Scientific Program

Conference Series Ltd invites all the participants across the globe to attend 18th International Conference on Glaucoma & Retinal Diseases Dallas, Texas, USA.

Day 1 :

  • Diabetic Retinopathy
Location: Dallas, USA

Session Introduction

Saksakul Engchuan

completed Doctor of medicine from Prince of Songkhla university, Songkhla, Thailand

Title: Accuracy of Diabetic Retinopathy screening in Final-year medical students.

Saksakul Engchuan has completed Doctor of medicine from Prince of Songkhla university, Songkhla, Thailand. He is working as a physician in Vachiraphuket Hospital, Phuket, Thailand.




Background: Diabetic retinopathy (DR) was a leading cause of visual loss worldwide. Primary care physician with competences to refer DR patients appropriately might help prevent permanent visual loss from this organ damaged. We assessed accuracy of DR grading and referring decision of final-year medical students who will become primary care physicians in the upcoming year.

Summary of work: The study was conducted in a tertiary hospital. All twenty-two final-year medical students were enrolled. To complete questionnaires which consisted of twenty images demonstrating varied stages of DR, participants were assigned to grade DR and make referring decision. The images were selected from standard photographs displayed in reliable publications. AAO DR classification system which classified DR into no DR, mild nonproliferative DR(NPDR), moderate NPDR, severe NPDR and proliferative DR(PDR) was used as a classification system in this study.  Sensitivity and specificity of DR grading were analyzed. Referring scores would be assessed if DR staging was correctly marked.

Summary of Results: Average DR staging and referring score were respectively, 8.36 and 7.59 out of 20. Given that passing level of staging and referring score was eighty percent, no students achieved this level. Average grading sensitivity of mild NPDR, moderate NPDR, severe NPDR and PDR were 45.45%, 40.90%, 30.68% and 48.86% respectively. The specificity of DR was 43.18%.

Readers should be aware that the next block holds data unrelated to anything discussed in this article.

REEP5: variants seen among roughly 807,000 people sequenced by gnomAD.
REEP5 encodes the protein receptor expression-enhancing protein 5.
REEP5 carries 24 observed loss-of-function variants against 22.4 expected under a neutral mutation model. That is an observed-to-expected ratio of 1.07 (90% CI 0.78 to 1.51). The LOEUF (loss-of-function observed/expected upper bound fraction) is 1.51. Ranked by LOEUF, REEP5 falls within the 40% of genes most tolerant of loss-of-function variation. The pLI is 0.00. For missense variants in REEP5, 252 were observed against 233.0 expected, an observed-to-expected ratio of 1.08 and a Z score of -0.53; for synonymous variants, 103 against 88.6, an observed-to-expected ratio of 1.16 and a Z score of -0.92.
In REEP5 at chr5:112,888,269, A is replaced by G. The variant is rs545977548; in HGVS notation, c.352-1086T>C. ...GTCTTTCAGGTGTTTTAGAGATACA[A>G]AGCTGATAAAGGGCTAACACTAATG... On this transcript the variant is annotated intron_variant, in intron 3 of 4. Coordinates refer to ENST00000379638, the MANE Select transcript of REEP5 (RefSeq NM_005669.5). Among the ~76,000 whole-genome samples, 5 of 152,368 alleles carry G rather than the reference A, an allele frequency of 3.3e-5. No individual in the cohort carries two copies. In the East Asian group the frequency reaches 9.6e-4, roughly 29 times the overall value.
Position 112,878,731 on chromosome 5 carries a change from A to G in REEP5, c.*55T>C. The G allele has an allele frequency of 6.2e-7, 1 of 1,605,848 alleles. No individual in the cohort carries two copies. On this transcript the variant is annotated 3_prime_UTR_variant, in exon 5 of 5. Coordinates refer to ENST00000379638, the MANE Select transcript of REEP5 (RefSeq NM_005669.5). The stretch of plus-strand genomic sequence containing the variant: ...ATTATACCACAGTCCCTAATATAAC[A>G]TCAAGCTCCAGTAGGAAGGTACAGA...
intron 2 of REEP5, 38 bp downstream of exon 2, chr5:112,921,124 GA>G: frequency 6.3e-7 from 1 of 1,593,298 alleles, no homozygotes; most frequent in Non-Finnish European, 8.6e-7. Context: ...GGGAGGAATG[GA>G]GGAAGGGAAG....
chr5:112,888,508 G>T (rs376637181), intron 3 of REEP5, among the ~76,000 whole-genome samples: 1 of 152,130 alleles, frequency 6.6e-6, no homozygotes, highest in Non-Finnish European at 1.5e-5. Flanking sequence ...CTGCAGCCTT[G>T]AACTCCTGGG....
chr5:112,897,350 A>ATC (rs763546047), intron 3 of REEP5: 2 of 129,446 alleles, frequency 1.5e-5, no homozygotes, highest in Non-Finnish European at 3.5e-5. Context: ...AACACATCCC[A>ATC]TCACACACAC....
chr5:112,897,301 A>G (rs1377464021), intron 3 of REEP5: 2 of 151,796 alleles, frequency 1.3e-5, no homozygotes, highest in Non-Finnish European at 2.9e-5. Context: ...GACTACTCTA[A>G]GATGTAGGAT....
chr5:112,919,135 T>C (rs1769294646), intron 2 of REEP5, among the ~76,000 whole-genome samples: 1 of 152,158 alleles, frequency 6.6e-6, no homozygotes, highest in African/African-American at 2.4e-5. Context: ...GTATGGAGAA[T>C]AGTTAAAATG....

Discussion: The study revealed that most of final-year medical students did not have enough competences to do DR grading and refer the patient sensibly.

Conclusion: To provide early DR diagnosis, prevent DR complication and reduce numbers of patient in tertiary care centers, the impediment to retain medical students’ long-term knowledge and make referring decision properly should be figured out. Moreover, medical students’ obstacles of DR grading should be promptly interpreted in further study.

Take-home message: How can we improved medical students’ ability to grade DR? DR complications will be subsided if we can figure out the answer.


  • Novel therapeutics ways for treating Glaucoma
Location: Dallas, USA

Session Introduction

Sankalp, Raj Kumar Yadav

post graduate in Physiology from All India Institute of Medical Sciences, New Delhi, India.

Title: Effect of Short-Term Yoga-Based Ocular Exercises in Patients with Glaucoma

Dr Sankalp is a fresh post graduate in Physiology from All India Institute of Medical Sciences, New Delhi, India. He enthusiastic and energetic involvement in teaching and research is well appreciated. He successfully completed his MD thesis under guidance of Prof. RK Yadav (Physiology, AIIMS) and Prof. Tanuj Dada (RP Centre, AIIMS). 



Ciliary muscle contraction (accommodation) and relaxation (de-accommodation) affects aqueous humour  outflow through both trabecular and uveoscleral pathway. Yogic ocular exercises (eye rolling movement) has been shown to decrease intra-ocular pressure (IOP) in healthy individuals (Dimitrova et al., 2017). Tratak Kriya is an ocular exercise involving accommodation and de-accommodation. The primary objective of this study was to assess the effect of Yogic ocular exercises including Tratak kriya on IOP in glaucoma at day 28, using randomized controlled trial study design.